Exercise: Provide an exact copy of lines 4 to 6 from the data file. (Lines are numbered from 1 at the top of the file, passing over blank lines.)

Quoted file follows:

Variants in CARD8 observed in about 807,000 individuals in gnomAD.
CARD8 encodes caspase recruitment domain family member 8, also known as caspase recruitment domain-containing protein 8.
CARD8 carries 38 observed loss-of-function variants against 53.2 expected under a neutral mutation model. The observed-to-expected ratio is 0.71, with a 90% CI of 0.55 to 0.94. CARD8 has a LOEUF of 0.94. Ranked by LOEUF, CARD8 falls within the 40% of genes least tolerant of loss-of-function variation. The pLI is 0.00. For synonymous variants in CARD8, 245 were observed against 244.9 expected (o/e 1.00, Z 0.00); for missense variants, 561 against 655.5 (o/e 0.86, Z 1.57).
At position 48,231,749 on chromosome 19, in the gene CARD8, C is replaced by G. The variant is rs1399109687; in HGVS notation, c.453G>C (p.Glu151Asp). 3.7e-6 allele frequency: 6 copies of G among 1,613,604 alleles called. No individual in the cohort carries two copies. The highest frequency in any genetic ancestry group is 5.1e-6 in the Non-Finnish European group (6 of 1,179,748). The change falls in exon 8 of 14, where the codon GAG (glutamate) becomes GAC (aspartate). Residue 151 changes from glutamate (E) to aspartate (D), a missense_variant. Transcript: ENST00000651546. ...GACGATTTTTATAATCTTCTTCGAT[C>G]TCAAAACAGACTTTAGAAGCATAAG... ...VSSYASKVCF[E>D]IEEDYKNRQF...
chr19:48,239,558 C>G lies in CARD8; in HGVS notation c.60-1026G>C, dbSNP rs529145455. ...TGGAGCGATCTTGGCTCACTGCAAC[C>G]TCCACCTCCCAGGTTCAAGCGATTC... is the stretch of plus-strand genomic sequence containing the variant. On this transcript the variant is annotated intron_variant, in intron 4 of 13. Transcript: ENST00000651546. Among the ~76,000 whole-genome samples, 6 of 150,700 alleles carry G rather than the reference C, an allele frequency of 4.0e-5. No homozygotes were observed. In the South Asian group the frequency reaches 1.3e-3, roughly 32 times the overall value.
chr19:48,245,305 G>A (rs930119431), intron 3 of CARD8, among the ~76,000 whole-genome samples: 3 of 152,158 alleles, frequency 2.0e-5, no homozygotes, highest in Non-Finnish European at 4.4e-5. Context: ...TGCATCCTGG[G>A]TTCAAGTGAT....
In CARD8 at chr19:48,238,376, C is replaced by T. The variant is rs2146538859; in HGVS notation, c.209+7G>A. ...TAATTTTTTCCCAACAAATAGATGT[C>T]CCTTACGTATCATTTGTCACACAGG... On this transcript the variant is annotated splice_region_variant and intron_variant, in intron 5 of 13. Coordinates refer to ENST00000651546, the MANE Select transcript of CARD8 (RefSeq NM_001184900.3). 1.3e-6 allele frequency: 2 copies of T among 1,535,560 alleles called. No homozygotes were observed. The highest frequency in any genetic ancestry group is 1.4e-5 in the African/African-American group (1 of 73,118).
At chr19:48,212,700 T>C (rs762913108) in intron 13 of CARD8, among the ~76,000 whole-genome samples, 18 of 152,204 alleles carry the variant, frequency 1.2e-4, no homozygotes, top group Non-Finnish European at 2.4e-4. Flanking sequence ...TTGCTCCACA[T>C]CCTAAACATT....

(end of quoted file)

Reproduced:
At position 48,231,749 on chromosome 19, in the gene CARD8, C is replaced by G. The variant is rs1399109687; in HGVS notation, c.453G>C (p.Glu151Asp). 3.7e-6 allele frequency: 6 copies of G among 1,613,604 alleles called. No individual in the cohort carries two copies. The highest frequency in any genetic ancestry group is 5.1e-6 in the Non-Finnish European group (6 of 1,179,748). The change falls in exon 8 of 14, where the codon GAG (glutamate) becomes GAC (aspartate). Residue 151 changes from glutamate (E) to aspartate (D), a missense_variant. Transcript: ENST00000651546. ...GACGATTTTTATAATCTTCTTCGAT[C>G]TCAAAACAGACTTTAGAAGCATAAG... ...VSSYASKVCF[E>D]IEEDYKNRQF...
chr19:48,239,558 C>G lies in CARD8; in HGVS notation c.60-1026G>C, dbSNP rs529145455. ...TGGAGCGATCTTGGCTCACTGCAAC[C>G]TCCACCTCCCAGGTTCAAGCGATTC... is the stretch of plus-strand genomic sequence containing the variant. On this transcript the variant is annotated intron_variant, in intron 4 of 13. Transcript: ENST00000651546. Among the ~76,000 whole-genome samples, 6 of 150,700 alleles carry G rather than the reference C, an allele frequency of 4.0e-5. No homozygotes were observed. In the South Asian group the frequency reaches 1.3e-3, roughly 32 times the overall value.
chr19:48,245,305 G>A (rs930119431), intron 3 of CARD8, among the ~76,000 whole-genome samples: 3 of 152,158 alleles, frequency 2.0e-5, no homozygotes, highest in Non-Finnish European at 4.4e-5. Context: ...TGCATCCTGG[G>A]TTCAAGTGAT....